TORONTO – POLITICS – Ontario NDP Health Critic France Gélinas has reintroduced a bill titled “Vaping is not for Kids”, which proposes a number of restrictions on vaping products in the province. The bill would prohibit the promotion of vaping products, restrict sales to specialty vape shops, increase the minimum legal age from 19 to 21, and ban online sales of vaping products. It would also require Ontario Health to prepare an annual report on vaping usage and fund research and awareness campaigns.
The Canadian Vaping Association (CVA) has responded to the bill, stating that it does not oppose the proposal to restrict sales to specialty vape stores. However, the association has raised concerns about the proposal being seen as hypocritical, especially in light of the recent expansion of alcohol sales to grocery stores. The CVA also believes that the legal age of majority should be consistent across all adult products.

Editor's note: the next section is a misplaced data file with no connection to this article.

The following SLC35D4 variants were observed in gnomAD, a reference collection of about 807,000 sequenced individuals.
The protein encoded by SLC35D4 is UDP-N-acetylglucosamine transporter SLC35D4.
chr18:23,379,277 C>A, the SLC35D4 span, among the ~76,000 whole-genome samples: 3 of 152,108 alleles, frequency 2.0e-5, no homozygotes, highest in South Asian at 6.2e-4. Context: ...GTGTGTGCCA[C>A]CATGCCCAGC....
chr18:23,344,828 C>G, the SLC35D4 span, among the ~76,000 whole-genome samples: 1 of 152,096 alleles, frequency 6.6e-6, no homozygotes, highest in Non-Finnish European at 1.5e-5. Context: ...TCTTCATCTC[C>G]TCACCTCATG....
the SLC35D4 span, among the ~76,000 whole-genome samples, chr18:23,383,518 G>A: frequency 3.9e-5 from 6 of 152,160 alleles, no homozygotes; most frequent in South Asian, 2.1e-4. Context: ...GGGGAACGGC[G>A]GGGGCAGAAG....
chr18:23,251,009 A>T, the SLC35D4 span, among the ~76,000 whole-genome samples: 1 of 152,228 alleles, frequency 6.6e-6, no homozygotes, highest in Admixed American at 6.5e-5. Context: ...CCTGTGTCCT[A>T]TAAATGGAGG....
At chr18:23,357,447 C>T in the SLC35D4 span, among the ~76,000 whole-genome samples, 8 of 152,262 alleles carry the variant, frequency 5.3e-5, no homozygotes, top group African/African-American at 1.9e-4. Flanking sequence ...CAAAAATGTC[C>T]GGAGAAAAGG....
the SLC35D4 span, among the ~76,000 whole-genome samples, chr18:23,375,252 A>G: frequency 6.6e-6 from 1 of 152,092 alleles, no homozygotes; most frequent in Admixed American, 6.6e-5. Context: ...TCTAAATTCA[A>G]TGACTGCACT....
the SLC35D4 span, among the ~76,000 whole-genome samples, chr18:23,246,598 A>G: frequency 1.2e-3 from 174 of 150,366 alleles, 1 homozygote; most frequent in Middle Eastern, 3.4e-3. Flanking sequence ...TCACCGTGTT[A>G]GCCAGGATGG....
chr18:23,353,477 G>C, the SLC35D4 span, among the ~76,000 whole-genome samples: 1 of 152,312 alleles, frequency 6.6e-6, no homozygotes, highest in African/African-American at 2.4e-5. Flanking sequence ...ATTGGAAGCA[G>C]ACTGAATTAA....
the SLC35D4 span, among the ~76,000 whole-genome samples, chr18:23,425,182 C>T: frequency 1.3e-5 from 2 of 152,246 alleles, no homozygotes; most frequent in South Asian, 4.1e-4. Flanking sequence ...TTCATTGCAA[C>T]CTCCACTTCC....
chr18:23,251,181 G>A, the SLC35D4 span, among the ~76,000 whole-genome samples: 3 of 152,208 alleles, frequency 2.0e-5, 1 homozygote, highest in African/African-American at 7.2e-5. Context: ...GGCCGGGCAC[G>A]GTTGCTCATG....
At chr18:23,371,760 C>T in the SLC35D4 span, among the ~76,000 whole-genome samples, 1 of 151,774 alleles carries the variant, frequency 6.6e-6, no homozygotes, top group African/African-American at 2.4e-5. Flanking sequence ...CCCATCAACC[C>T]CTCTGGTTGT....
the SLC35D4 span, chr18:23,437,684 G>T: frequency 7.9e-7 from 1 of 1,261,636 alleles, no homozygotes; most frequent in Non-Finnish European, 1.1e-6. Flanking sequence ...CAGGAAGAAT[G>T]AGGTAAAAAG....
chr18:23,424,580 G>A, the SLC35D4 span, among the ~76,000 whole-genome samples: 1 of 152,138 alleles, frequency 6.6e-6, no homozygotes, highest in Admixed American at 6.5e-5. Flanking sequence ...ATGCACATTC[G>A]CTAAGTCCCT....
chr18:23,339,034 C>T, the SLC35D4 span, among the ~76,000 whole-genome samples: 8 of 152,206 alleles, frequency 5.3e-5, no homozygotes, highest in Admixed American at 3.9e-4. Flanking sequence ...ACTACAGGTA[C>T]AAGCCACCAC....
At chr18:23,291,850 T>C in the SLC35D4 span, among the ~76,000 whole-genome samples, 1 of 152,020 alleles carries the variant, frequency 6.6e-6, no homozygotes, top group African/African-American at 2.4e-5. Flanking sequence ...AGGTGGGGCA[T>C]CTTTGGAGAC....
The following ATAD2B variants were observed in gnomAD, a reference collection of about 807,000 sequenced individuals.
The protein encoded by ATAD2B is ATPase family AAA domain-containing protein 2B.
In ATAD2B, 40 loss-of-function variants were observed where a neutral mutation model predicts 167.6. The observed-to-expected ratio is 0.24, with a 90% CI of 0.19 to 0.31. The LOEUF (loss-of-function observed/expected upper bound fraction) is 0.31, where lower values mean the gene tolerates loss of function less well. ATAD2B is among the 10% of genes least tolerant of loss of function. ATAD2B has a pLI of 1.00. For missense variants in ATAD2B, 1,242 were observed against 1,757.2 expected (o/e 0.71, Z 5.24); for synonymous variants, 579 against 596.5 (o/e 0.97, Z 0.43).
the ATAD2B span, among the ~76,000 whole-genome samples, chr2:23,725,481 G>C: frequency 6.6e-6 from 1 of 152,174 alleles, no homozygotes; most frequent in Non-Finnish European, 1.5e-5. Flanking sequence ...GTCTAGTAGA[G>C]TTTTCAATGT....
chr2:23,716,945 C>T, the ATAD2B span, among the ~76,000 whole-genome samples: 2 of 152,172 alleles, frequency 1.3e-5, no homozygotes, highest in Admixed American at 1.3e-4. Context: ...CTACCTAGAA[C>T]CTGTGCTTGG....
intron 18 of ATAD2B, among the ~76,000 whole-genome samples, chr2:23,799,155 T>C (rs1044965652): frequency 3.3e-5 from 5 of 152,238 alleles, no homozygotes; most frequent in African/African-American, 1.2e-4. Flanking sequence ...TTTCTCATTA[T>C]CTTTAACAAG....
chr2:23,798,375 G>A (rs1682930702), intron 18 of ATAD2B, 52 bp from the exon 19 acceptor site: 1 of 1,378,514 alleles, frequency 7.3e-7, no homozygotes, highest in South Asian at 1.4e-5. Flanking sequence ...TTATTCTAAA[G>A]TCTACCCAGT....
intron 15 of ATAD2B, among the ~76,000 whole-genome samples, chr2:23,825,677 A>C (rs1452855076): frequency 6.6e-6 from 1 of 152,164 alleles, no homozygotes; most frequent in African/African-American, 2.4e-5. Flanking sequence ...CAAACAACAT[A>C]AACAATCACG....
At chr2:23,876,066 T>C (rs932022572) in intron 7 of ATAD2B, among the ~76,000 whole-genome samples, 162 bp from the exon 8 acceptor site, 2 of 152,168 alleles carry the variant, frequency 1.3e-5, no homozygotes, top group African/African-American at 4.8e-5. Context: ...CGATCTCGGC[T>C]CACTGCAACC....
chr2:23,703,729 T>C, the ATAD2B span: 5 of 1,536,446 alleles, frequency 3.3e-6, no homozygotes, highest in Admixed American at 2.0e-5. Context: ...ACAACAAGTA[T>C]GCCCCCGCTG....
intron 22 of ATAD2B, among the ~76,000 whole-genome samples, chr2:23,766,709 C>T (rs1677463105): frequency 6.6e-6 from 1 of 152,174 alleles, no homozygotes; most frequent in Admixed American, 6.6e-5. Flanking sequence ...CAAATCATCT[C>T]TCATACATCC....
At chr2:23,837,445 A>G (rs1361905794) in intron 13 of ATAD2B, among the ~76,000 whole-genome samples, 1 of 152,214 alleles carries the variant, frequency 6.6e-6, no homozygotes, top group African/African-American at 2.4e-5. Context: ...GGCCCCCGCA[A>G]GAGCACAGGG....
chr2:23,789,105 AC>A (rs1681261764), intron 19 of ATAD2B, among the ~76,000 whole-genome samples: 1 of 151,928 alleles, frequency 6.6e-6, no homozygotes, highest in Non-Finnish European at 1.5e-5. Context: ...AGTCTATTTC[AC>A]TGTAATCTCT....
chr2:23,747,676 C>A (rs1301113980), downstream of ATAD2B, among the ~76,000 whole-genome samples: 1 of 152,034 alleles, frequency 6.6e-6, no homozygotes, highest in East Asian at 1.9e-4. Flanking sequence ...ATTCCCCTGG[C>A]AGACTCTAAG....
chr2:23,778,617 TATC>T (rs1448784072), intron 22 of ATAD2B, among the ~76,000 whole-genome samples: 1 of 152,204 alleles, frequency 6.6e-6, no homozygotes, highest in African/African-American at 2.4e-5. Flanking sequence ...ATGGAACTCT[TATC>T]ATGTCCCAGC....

The vaping industry opposes the ban on online sales, as it would limit access to rural Ontarians and those with mobility issues and disabilities. Data from the Canadian Tobacco, Alcohol and Drugs Survey finds that youth usage of alcohol and cannabis is markedly higher than youth usage of vape products. The vaping industry argues that online sales from Canadian vendors pose no additional risk to youth, as all online sales are shipped through an age-verification service.
The CVA agrees that Ontario’s regulations could be strengthened, but through increased enforcement of existing regulations and harsher penalties, not further regulation. The industry advocates and stakeholders plan to reach out to their Members of Provincial Parliament to discuss their concerns.